No, unless the issue is relevant to the matter being grieved. If the issue is not germane to the matter being grieved, the IA or FA does not have to address it in their decision letter. For example, a CAF member submits a grievance for being denied a specific allowance. A number of reasons are provided by the grievor and why they believe they are entitled to this allowance. One reason they provide is that someone they knew received it. The IA or FA can render a decision by simply determining whether or not the grievor qualified for the allowance. In this regard, the IA or FA will not comment on the claim that someone else received it. Each grievance is adjudicated on a case-by-case basis in that issues concerning other members’ entitlements will not be addressed.

9. Once my file arrives at the FA, what happens next?

The grievance first goes through an intake process where it is checked for completeness. It is then examined to determine whether it must be mandatorily referred to the Military Grievances External Review Committee. Once the Committee has provided their findings and recommendations, it is forwarded to a grievance directorate to be assigned to an analyst. During this phase, the analyst will contact the grievor. It is at this point that the grievor will be able to ask questions regarding how their file will be processed.

10. How does the FA arrive at a determination?

The FA considers many factors in the process of determining a grievance. First, the FA must confirm whether they have jurisdiction on the matter being grieved. For example, the CDS, or his delegate, does not have jurisdiction over complaints made under the Canadian Human Rights Act.

After disclosing the file to a grievor, having identified the relevant facts and legislation pertaining to the matter grieved, the FA considers the entire file. The FA may request additional information if they feel that relevant information may be missing, the purpose being to complete and clarify the facts. The FA then confirms that procedural fairness was afforded to the grievor.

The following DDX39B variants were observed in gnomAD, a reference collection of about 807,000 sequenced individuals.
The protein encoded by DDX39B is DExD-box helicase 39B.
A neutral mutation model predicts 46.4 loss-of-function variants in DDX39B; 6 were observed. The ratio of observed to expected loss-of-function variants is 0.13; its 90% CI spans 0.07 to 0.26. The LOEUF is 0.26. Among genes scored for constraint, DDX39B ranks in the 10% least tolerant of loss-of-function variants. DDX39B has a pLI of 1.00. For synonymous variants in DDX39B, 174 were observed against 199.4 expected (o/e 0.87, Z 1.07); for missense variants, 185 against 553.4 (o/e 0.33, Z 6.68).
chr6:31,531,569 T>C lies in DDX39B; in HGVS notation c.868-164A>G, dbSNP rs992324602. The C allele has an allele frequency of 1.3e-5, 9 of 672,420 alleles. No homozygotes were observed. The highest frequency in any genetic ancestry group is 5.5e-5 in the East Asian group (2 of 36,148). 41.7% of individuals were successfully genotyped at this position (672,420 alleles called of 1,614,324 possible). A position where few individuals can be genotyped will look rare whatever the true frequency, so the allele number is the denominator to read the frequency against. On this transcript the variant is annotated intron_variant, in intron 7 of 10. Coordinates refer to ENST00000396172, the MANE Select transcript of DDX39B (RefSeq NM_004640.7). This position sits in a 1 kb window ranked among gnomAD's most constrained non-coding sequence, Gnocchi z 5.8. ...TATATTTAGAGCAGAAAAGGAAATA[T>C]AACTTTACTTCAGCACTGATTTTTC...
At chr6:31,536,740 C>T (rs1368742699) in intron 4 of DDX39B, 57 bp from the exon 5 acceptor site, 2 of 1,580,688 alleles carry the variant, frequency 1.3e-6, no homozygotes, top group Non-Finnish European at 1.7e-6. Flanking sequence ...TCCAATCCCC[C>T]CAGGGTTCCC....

Finally, the FA determines whether the act, decision or omission being the object of the grievance was in accordance with the applicable laws, policies and CF directives. If the FA determines that the member was aggrieved, the FA must then determines if the redress sought can be granted and what the appropriate remedy will be. A decision letter, with reasons to either support or not support the grievance, is provided to the grievor.

11. I feel I am being harassed at work. Should I submit a grievance?

The NDA affords every member of the CF the right to grieve any decision, act or omission in the administration of the affairs of the CF for which no other process for redress is provided. This includes harassment. However, a grievance on harassment cannot be thoroughly adjudicated without a proper situational assessment and administrative investigation by a Responsible Officer. Therefore, it is important that members first file a formal harassment complaint. If the member is not satisfied with the result of the harassment investigation, a grievance can be submitted.

12. What are the roles and responsibilities of DGCFGA at the FA level?

The role of DGCFGA is to manage and maintain the Canadian Forces Grievance System on behalf of the CDS. In addition to the adjudication of grievances, this includes:

  • registering and tracking grievances
  • providing assistance and guidance to COs, IAs, and grievors
  • custodianship of rules, regulations and orders related to the grievance process

13. The Notice of Intent (NOI) to grieve

The purpose of the NOI is to inform the chain of command that a CAF member has an issue for which he or she is considering submitting a complaint, thus allowing the chain of command the opportunity to engage in the issue early, identify the best form of resolution and possibly resolve the matter.

If the chain of command is unable to resolve the matter, then it will be able to provide early assistance to the CAF member with the preparation and drafting of the grievance.

A NOI is:

a. submitted by the CAF member to their supervisor; andb. signed by the CO of the CAF member.

Be advised the NOI does not extend the existing time lines for submission of a grievance defined in Chapter 7.

14. I’m an initial authority (IA). Can I ask the grievor for an extension if material require translation?

No, the 4-month time period cannot be extended. The need to meet our official languages (OL) obligations can never be the source of a delay in the administration of grievances. The clock starts counting when the IA receives the grievance. Any time required for translation must be factored into this period.

In a recent official languages complaint, the IA completed the synopsis and decision letter prior to the four month deadline, but needed to translate it which caused a delay. The Office of the Commissionaire provided that a decision cannot be considered final if it was not rendered in the complainant’s preferred official language.

IA’s are to implement the necessary measures to ensure that there are no additional delays in the processing of grievances, owing to the official language in which they are filed.